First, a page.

Athlete’s Foot

Athlete’s foot (tinea pedis) is caused by a fungal infection in the skin. It's sometimes called ringworm even though a worm doesn't cause the infection. Athlete’s foot affects the skin between the toes, causing cracks in the skin called fissures. It can also affect the bottom of the foot where it causes dry white scales and peeling of the skin. This infection is more likely to occur when the foot is in hot, sweaty socks and shoes for long periods of time. You may feel itching and burning between your toes. This infection is treated with skin creams or medicine taken by mouth.

Home care

The following are general care guidelines:

  • It's important to keep the feet dry. Use absorbent cotton socks and change them if they become sweaty. Or wear an open-toe shoe or sandal.

  • Wash the feet at least once a day with soap and water, and dry them well.

  • If your healthcare provider prescribed an antifungal medicine, use it as prescribed.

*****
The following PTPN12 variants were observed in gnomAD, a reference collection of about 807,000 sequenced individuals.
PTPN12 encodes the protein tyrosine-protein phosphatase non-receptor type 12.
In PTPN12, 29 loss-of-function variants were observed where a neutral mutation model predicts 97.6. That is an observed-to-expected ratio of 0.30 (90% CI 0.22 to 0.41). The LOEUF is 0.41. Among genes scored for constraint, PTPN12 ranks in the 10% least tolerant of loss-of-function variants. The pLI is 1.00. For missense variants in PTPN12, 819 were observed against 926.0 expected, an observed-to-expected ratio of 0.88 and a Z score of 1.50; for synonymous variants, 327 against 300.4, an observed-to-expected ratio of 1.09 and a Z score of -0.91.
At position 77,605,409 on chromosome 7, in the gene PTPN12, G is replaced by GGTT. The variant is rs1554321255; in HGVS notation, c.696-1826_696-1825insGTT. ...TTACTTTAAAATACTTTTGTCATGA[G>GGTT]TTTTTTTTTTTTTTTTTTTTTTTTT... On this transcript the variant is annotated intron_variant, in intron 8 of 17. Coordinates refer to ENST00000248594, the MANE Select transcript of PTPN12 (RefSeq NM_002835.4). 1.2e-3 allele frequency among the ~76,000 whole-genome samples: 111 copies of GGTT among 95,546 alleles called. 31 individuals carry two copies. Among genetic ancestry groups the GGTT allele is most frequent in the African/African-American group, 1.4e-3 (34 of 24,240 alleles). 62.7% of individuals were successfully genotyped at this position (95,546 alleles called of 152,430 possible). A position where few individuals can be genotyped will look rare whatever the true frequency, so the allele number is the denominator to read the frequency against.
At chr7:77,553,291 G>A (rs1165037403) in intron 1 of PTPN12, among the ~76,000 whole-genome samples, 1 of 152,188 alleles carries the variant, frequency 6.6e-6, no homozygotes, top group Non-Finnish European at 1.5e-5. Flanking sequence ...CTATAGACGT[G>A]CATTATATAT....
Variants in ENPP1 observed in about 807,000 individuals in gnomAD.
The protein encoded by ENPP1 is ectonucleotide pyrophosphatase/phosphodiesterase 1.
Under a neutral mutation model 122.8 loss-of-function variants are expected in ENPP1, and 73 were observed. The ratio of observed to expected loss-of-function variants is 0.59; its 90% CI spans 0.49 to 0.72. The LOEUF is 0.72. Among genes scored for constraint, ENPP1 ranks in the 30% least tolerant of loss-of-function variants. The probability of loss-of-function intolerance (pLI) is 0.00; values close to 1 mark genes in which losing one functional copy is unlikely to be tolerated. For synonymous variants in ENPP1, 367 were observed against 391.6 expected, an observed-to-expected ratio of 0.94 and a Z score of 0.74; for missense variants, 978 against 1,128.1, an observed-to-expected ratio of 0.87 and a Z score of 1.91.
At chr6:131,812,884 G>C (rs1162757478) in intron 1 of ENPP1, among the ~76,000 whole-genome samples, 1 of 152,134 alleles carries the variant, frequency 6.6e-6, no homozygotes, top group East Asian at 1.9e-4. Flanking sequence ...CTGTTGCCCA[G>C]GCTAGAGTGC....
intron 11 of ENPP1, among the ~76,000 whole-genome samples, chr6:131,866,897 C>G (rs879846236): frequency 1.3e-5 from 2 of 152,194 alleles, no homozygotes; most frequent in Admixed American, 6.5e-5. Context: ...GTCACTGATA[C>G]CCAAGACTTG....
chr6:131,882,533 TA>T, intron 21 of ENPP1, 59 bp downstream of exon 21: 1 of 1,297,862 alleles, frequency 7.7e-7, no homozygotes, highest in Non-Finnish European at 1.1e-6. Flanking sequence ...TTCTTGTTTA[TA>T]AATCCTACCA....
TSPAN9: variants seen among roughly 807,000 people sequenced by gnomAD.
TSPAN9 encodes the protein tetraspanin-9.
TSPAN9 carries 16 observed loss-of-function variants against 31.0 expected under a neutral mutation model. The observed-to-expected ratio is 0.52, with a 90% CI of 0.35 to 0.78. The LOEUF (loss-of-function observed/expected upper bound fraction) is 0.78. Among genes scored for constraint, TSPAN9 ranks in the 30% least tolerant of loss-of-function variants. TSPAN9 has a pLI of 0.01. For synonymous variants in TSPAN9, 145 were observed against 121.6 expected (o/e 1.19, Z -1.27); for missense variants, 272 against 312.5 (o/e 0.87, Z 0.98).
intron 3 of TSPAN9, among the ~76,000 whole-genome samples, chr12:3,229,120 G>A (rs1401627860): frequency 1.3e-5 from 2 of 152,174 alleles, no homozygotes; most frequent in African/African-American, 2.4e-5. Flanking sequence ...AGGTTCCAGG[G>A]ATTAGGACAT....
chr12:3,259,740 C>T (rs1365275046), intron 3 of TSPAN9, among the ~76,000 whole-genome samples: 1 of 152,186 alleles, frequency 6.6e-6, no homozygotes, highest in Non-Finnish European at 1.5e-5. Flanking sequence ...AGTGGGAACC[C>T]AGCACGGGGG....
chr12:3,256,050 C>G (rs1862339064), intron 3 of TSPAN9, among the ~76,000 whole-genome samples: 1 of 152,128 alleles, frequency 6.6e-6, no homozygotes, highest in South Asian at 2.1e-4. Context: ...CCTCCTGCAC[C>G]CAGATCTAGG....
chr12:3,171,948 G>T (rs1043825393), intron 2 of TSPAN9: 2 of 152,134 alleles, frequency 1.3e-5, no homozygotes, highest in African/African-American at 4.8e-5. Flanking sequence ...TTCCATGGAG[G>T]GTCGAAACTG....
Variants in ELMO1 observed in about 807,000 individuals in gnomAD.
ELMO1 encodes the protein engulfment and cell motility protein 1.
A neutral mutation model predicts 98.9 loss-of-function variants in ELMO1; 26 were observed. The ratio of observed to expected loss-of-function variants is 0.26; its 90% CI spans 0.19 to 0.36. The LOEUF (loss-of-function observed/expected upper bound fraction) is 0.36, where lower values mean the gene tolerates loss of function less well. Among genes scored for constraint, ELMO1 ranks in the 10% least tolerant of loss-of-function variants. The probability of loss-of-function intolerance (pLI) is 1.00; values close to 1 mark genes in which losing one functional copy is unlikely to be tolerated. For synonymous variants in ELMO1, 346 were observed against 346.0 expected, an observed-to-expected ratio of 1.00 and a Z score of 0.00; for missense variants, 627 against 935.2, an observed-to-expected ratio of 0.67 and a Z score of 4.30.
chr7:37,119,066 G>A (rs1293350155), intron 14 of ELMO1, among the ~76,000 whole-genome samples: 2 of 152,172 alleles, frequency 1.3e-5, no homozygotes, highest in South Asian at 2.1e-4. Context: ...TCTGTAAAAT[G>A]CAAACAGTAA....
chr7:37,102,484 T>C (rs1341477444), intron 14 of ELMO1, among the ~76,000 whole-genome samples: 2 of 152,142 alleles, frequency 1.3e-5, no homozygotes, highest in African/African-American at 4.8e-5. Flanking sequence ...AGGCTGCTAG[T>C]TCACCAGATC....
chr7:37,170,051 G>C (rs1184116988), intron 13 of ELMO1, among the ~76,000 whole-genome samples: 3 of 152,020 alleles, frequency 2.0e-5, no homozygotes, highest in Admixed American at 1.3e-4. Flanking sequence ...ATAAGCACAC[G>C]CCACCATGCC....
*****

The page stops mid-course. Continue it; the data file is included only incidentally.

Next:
• Some antifungal creams are available without a prescription. Follow the instructions on the medicine package.

  • It may take 1 week before the rash starts to improve. It can take about 3 to 4 weeks to completely clear. Continue the medicine until the rash is all gone.

  • Use over-the-counter antifungal powders or sprays on your feet after exposure to high-risk environments, such as public showers, gyms, swimming pools, and locker rooms. This can help prevent future infections. Wearing appropriate shoes or sandals in these situations can help.


These tips may help prevent athlete’s foot:

  • Don't share shoes, socks, towels, or sports equipment with someone who has athlete's foot.

  • Don't walk barefoot in places where a fungal infection can spread quickly, such as locker rooms, showers, gyms, and swimming pools.

  • Change your socks regularly. Don't wear the same socks for more than 1 day.

  • Alternate shoes to help with drying, or wear shoes that allow airflow.

  • Dry your feet well after swimming or bathing.

Follow-up care

Follow up with your healthcare provider as advised if the rash doesn't improve after 10 days of treatment, or if the rash continues to spread.

When to get medical advice

Call your healthcare provider right away if any of the following occur:

  • Fever of 100.4°F (38°C) or higher, or as directed by your provider

  • Increasing redness or swelling of the foot

  • Infection comes back soon after treatment

  • Pus draining from cracks in the skin

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